South Dakota House of Representatives District 29

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South Dakota House of Representatives District 29
Current incumbentGary L. Cammack Republican Party
Dean Wink Republican Party
Ethnicity0.4% Black, 2% Hispanic
Voting age75.2% age 18 and over
Next electionNovember 4, 2014
South Dakota's twenty-ninth state house district is represented by Republican Representative Gary L. Cammack and Republican Representative Dean Wink.

As of the 2010 census, a total of 25,322 civilians reside within South Dakota's twenty-ninth state house district.[1] South Dakota state representatives represent an average of 23,262 residents. After the 2000 Census, each member represented 21,567 residents.

About the chamber

Members of the South Dakota House of Representatives serve two-year terms with term limits.[2] South Dakota legislators assume office the first day of session after election (Jan. 11).


To be eligible to serve in the South Dakota House of Representatives, a candidate must be:[3]

  • A U.S. citizen at the time of filing
  • 21 years old at the filing deadline time
  • A two-year resident of South Dakota at the filing deadline time
  • May not have been convicted of bribery, perjury or other infamous crime; may not have illegally taken "public moneys"
  • A qualified voter. A qualified voter is someone who is:
* A U.S. citizen
* Reside in South Dakota
* At least 18 years old old on or before the next election
* Not currently serving a sentence for a felony conviction which included imprisonment, served or suspended, in an adult penitentiary system
* Not be judged mentally incompetent by a court of law
* Not have served 4 consecutive terms


See also: Comparison of state legislative salaries

As of 2013, members of the South Dakota Legislature are paid $12,000/two-year term. Legislators receive $110/day per diem. Rates are set by the legislature.[4]

Term limits

See also: State legislatures with term limits

The South Dakota legislature is one of 15 state legislatures with term limits. Voters enacted the South Dakota Term Limits Act in 1992. That initiative said that South Dakota representatives are subject to term limits of no more than four consecutive two-year terms, or eight consecutive years. Representatives can run again after they have been out of office for a term.[2]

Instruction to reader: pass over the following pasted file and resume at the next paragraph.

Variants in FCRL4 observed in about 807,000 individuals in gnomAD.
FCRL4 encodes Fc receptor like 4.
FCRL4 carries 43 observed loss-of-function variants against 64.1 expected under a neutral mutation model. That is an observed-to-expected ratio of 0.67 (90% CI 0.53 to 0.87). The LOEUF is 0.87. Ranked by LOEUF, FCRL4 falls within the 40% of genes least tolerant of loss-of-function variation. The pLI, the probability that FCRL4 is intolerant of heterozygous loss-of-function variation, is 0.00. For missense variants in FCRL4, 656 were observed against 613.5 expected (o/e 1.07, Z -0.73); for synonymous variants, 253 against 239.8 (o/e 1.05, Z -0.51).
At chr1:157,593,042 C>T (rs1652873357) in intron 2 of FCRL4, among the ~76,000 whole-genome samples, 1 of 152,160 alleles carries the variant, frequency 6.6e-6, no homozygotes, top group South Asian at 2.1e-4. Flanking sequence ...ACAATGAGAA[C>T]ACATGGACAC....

The South Dakota State Legislature has tried on more than one occasion, each time unsuccessfully, to persuade the state's voters to repeal term limits. The most recent such failed attempt was when Amendment J lost in 2008 by 75-25%.

The first year that the term limits enacted in 1992 impacted the ability of incumbents to run for office was in 2000.


See also: How vacancies are filled in state legislatures

Under the state constitution, the Governor is responsible for appointing a replacement in the event a vacancy happens in the house. There are no deadlines set in the state constitution to when the Governor has to fill the vacancy.[5]



See also: South Dakota House of Representatives elections, 2012

Elections for the office of South Dakota House of Representatives consisted of a primary election on June 5, 2012, and a general election on November 6, 2012. The signature-filing deadline for candidates wishing to run in this election was March 27, 2011. Gary L. Cammack (R) and incumbent Dean Wink (R) were unopposed in the general election and advanced past the Republican primary.[6][7]

South Dakota House of Representatives District 29 Republican Primary, 2012
Candidate Vote % Votes
Green check mark transparent.pngGary L. Cammack 43.8% 1,450
Green check mark transparent.pngDean Wink Incumbent 32% 1,059
David J Eatherton 24.2% 799
Total Votes 3,308

Since 2000, candidates for South Dakota House of Representatives District 29 have raised a total of $130,175. Candidates who raised money in contributions earned $5,007 on average. All figures come from Follow the Money.

Campaign contributions, South Dakota House of Representatives District 29
Year Amount Candidates Average
2012 * $15,167 3 $5,056
2010 $17,391 3 $5,797
2008 $24,658 5 $4,932
2006 $22,411 4 $5,603
2004 $11,764 3 $3,921
2002 $8,985 3 $2,995
2000 $29,799 5 $5,960
Total $130,175 26 $5,007
* Campaign finance data for 2012 is incomplete for this district.

See also

External links